Wednesday: Gym at lunch, pick up rental car in Newark for upcoming vacation

Thursday: Pick up birthday gift for my wife.

Friday: Gym at lunch. Pack clothes. Drive to upstate New York

I also use this system of small goals inside the gym.

For example…

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I have been really burnt out recently. Between training 6 days a week and my wedding last Saturday, this week has really been a struggle.

When you start feeling really burnt out, sometimes you just need to take a rest.  When you get to the point that you can’t even get out of bed anymore, it is probably time to take a day off.

This morning when I woke up, it was a struggle just to make it to the shower.  My legs were hurting, my muscles were aching and my body was overall tired.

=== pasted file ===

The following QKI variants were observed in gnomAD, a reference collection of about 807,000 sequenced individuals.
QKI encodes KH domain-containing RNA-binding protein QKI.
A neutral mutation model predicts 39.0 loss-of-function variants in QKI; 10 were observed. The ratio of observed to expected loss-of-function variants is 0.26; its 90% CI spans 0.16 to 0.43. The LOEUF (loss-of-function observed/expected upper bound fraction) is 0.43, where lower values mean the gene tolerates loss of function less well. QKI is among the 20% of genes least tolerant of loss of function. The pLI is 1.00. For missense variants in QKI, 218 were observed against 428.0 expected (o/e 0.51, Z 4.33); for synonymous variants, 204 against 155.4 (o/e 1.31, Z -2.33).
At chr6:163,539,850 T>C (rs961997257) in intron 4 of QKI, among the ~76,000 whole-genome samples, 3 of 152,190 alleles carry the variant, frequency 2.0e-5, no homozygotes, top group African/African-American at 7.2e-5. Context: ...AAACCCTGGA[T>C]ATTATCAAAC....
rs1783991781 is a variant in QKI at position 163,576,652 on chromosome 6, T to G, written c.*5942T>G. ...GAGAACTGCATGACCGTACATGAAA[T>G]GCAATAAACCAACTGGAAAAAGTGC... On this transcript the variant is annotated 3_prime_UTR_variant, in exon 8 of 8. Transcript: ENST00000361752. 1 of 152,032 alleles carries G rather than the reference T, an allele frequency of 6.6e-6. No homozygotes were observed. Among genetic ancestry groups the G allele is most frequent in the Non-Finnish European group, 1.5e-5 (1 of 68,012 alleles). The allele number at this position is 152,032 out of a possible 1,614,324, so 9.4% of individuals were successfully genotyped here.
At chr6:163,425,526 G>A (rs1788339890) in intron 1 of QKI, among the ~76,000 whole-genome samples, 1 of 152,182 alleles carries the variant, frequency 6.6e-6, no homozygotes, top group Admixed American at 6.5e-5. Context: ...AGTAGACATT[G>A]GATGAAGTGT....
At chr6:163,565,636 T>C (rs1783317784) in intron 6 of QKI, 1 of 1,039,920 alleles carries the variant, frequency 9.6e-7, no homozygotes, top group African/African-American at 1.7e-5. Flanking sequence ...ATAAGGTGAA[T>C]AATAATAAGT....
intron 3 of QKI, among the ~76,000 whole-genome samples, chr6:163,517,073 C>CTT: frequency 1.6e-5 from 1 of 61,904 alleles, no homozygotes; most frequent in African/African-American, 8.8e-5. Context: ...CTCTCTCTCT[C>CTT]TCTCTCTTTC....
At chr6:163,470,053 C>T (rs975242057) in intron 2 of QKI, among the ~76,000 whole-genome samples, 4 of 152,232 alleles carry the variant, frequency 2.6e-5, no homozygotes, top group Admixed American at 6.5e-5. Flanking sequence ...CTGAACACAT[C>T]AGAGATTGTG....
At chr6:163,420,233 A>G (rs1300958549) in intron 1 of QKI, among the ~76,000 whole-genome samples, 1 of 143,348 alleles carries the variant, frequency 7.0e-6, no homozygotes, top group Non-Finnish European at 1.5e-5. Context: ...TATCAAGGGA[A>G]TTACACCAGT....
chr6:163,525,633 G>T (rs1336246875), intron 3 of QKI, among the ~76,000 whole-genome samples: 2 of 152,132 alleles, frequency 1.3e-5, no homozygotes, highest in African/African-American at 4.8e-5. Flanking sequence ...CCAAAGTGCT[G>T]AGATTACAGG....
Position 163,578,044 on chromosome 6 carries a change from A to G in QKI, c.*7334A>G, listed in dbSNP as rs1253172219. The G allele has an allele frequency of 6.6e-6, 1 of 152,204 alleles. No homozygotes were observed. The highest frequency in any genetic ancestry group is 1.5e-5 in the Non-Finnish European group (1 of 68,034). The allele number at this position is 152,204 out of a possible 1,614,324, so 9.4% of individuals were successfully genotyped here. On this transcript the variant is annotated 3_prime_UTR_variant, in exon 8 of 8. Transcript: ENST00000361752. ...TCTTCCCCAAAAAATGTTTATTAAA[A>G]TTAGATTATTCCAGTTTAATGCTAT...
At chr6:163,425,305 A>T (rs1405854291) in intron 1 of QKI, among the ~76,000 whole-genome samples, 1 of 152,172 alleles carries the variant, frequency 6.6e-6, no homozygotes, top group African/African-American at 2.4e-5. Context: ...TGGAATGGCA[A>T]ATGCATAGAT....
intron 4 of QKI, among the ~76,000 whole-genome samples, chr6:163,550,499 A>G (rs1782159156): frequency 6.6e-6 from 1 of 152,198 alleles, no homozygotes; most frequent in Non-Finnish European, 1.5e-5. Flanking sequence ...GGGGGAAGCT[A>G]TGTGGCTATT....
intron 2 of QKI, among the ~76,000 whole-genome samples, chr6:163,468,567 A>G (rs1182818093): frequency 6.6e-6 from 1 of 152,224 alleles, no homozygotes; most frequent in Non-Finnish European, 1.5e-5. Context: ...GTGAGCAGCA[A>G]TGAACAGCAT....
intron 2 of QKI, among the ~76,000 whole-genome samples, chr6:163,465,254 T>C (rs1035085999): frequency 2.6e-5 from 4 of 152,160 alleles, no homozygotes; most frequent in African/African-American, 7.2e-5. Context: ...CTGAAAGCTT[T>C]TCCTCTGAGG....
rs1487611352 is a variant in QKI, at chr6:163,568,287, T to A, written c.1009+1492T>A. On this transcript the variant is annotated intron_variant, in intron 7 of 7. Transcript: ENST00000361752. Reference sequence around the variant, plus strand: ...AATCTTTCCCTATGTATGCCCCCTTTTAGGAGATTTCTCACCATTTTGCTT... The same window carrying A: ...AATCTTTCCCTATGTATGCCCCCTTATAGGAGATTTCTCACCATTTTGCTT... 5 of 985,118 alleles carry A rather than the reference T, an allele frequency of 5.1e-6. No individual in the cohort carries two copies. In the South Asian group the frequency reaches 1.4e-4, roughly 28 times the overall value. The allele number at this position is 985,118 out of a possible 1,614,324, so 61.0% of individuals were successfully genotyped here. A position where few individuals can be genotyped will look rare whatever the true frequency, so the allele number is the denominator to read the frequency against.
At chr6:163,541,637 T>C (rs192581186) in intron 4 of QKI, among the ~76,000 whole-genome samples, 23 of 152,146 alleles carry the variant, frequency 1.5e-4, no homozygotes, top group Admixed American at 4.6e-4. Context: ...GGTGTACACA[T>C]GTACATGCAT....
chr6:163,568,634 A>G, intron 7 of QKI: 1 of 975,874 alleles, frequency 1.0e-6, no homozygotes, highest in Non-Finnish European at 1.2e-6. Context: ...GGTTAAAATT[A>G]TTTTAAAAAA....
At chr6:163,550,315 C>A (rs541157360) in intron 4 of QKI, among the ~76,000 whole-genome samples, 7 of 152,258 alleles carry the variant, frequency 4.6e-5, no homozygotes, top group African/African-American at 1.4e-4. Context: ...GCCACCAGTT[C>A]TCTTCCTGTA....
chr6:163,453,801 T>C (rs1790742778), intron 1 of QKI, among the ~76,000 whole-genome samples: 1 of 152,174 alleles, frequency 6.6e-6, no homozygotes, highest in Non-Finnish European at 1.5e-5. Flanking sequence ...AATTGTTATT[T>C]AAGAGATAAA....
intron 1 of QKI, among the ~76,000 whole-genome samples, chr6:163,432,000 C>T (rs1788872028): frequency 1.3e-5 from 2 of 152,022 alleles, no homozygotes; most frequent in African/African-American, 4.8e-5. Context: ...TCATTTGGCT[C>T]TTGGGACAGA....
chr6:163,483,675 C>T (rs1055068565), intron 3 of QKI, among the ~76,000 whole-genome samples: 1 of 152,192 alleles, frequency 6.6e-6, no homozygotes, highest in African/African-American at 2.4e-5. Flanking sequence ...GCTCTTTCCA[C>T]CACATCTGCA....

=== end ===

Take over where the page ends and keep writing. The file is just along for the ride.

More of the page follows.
Today I decided to bite the bullet and just take a day of rest.

When it comes to running, I feel like I am able to run 3 or 4 days in a row before I need some serious down time.  It is just impossible to run all year-long and I always need to add some down-time to recuperate.  During the year, I generally plan 3 to 5 races to train hard for and then I will take a couple of weeks off in the winter.

With the weight lifting, it is a little bit different.  If I am using 8-10 rep sets,  I can lift weights for the entire year. The only time it  really starts to hurt is when I start going heavy.  Single and doubles will start to really wear me down and I can usually only go  heavy for several week in a row.

So what is my advice?

I try to never take off or skip any training days, but once in a blue moon, I get so tired that I just need a day.  Just don’t make a habit of it.

-John Andre

jabeer